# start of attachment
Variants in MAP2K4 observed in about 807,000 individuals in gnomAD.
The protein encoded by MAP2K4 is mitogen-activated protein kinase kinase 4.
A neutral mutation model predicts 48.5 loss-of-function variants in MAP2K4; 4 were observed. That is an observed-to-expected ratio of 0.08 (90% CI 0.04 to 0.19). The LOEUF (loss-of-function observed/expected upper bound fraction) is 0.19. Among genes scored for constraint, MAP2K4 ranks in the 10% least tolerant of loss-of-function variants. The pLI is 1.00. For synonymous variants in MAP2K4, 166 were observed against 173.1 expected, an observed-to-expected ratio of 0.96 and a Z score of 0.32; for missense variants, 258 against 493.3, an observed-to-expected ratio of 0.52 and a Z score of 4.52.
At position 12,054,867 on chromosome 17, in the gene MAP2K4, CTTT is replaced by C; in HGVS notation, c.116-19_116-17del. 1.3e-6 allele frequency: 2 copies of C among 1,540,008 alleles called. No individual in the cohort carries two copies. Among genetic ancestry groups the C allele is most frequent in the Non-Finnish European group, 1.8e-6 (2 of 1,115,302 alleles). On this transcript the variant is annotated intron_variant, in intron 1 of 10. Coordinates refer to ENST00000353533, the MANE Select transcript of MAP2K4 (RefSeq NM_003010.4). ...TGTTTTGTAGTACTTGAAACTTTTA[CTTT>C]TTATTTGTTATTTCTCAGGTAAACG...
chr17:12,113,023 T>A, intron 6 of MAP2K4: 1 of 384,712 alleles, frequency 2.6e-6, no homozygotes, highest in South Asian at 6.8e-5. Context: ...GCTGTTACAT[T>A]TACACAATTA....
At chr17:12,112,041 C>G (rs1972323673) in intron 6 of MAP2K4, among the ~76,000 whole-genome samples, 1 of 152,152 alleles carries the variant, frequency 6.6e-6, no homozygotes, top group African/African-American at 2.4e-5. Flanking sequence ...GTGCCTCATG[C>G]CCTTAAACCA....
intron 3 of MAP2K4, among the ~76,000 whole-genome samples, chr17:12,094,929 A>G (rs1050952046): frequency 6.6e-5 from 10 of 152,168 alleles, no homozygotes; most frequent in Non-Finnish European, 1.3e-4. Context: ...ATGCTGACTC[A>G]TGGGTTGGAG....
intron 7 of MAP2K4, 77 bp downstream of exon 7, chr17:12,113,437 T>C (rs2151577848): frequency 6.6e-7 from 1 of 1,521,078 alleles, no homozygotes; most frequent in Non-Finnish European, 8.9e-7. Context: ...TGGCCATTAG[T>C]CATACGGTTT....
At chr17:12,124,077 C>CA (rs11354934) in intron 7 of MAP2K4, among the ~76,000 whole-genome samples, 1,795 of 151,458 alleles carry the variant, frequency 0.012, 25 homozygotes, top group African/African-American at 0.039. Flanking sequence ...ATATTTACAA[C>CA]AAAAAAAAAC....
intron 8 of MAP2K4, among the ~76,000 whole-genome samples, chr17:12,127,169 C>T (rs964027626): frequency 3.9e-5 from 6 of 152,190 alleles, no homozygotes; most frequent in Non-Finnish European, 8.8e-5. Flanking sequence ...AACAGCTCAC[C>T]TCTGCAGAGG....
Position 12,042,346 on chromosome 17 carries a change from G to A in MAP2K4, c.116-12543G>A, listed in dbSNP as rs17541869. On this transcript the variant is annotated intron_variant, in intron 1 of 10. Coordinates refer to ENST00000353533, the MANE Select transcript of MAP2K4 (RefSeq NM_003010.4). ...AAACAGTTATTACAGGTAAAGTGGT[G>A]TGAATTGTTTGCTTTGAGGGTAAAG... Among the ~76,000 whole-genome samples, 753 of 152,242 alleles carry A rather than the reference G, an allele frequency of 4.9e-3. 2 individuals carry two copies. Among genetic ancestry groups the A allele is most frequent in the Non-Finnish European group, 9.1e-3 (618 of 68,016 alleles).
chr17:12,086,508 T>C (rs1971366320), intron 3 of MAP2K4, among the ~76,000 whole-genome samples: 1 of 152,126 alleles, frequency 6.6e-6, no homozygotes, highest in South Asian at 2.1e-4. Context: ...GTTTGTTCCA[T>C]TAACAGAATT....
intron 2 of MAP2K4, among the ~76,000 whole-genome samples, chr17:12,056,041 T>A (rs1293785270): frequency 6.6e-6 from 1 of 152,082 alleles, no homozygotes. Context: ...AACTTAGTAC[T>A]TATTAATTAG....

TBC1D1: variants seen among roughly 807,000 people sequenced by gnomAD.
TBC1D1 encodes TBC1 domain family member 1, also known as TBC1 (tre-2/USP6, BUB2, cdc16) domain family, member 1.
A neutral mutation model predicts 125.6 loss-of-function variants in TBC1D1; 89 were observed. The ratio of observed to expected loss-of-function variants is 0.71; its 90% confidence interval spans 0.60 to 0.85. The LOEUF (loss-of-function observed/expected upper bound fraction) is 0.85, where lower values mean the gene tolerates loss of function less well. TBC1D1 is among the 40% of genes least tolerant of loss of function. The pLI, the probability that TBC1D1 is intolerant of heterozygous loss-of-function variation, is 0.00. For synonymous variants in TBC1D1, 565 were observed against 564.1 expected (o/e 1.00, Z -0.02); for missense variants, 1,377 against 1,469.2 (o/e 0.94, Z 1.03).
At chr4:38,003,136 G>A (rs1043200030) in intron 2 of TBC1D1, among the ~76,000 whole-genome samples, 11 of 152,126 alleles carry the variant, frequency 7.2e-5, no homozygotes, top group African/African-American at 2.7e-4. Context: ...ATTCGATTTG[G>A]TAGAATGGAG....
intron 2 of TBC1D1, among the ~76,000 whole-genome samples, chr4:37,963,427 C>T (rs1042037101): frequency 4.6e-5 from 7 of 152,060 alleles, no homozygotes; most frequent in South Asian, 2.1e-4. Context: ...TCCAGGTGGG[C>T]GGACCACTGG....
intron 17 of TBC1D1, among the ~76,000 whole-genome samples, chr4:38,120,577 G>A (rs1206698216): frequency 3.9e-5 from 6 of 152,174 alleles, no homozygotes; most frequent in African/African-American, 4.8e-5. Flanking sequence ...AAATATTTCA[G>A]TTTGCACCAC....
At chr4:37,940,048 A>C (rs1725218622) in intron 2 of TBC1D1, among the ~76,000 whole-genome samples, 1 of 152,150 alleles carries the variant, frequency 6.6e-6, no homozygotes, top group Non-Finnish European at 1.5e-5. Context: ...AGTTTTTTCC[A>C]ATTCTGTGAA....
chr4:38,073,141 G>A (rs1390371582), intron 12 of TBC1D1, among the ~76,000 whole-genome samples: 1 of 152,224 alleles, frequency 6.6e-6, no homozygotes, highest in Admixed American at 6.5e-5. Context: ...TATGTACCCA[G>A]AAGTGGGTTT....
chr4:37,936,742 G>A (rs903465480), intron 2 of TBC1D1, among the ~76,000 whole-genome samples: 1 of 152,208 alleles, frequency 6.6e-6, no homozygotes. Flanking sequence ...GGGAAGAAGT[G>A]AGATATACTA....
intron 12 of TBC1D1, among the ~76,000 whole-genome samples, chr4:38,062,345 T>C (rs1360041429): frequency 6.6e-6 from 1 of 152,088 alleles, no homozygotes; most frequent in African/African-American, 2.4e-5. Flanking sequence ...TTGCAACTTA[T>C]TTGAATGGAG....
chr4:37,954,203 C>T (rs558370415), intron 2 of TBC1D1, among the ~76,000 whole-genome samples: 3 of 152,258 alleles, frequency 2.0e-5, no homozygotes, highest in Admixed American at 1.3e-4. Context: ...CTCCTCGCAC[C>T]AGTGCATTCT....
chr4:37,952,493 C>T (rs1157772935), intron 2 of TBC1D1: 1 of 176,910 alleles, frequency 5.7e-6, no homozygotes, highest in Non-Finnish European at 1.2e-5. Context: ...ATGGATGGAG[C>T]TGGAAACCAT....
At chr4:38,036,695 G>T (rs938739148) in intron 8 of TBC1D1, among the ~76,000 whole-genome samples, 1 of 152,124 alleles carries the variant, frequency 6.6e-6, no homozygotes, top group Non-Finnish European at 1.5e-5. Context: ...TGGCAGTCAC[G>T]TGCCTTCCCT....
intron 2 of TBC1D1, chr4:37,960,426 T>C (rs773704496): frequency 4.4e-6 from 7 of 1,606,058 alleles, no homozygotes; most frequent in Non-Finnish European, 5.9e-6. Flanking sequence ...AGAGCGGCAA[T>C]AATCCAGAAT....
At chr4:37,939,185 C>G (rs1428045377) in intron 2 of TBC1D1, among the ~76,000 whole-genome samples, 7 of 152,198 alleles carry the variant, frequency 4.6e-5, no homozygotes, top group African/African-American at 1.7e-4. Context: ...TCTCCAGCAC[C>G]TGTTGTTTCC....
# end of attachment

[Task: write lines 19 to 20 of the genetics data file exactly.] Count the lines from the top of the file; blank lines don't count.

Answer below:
intron 17 of TBC1D1, among the ~76,000 whole-genome samples, chr4:38,120,577 G>A (rs1206698216): frequency 3.9e-5 from 6 of 152,174 alleles, no homozygotes; most frequent in African/African-American, 4.8e-5. Flanking sequence ...AAATATTTCA[G>A]TTTGCACCAC....
At chr4:37,940,048 A>C (rs1725218622) in intron 2 of TBC1D1, among the ~76,000 whole-genome samples, 1 of 152,150 alleles carries the variant, frequency 6.6e-6, no homozygotes, top group Non-Finnish European at 1.5e-5. Context: ...AGTTTTTTCC[A>C]ATTCTGTGAA....